The law surrounding self-defence is one that is easily misinterpreted given the fact that the phrase is commonly used outside a legal setting. Find out more about what to do if you find yourself in this situation here.
Have you acted in self defence?
The law surrounding self-defence is one that is easily misinterpreted given the fact that the phrase itself is commonly used outside a legal setting.
When arriving at a verdict the court will think about the types of self-defence and the stages that must be considered.
It can be lawful to assault another person in self-defence, defence of another person, defence of property or in the prevention of crime.
The next stage is to consider what was in the mind of the person using the force and whether the actions were reasonable in the circumstances. Relevant to this are factors such as mistaken belief, memory loss, whether it was genuinely held, who is inflicting the assault and who is subject to it, and whether there are others involved or an opportunity existed not to use force.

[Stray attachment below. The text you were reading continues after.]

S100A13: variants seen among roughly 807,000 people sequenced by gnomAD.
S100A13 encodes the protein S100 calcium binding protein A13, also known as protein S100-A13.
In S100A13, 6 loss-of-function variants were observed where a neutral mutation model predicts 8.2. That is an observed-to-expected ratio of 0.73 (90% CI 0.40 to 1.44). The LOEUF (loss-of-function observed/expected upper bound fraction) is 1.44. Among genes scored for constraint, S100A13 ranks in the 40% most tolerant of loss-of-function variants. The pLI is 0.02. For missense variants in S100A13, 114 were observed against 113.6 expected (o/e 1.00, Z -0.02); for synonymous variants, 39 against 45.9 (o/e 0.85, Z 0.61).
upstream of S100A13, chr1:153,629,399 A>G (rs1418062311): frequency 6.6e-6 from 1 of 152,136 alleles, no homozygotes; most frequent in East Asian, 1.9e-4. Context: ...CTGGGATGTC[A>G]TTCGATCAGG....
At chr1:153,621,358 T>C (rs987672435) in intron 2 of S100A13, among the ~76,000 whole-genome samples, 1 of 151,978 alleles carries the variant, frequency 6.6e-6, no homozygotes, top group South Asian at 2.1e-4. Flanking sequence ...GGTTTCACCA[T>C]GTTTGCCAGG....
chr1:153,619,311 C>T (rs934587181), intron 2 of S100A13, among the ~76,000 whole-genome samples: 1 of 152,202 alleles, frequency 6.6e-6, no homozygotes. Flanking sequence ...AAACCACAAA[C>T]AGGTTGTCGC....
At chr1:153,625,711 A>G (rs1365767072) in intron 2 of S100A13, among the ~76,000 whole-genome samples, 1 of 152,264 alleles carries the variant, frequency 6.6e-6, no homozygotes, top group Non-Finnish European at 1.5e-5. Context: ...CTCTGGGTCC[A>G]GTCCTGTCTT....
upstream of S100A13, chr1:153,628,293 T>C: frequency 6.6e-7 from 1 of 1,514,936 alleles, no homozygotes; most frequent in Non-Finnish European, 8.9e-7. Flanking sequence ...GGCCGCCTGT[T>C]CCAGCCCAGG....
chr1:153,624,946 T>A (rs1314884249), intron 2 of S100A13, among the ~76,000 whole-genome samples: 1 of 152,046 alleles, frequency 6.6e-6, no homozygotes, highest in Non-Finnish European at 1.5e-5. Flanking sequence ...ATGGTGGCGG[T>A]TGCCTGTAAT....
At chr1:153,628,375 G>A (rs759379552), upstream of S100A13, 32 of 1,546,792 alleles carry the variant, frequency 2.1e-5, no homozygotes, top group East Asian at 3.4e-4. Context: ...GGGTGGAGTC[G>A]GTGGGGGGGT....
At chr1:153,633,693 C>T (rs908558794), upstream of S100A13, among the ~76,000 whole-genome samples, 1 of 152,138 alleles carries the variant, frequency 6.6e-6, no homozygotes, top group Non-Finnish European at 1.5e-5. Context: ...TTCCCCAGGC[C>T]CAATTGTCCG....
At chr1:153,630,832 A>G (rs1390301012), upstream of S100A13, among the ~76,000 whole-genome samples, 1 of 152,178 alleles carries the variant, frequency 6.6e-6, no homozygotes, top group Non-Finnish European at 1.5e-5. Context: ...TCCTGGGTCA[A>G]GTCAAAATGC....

Following that, the court would consider how much force was used and whether those actions were a proportionate response. In arriving at the current legal position on this stage there have been many cases considered by the courts in which various types of self-defence issues have been argued.
Self-defence cases often involve people having to display to the court that they were an innocent party caught up in disorder and that the actions they took were necessary in the circumstances. If you find that you are the subject of unwarranted accusations of this type then contact the Criminal Litigation Department for free initial advice or email Piers Desser.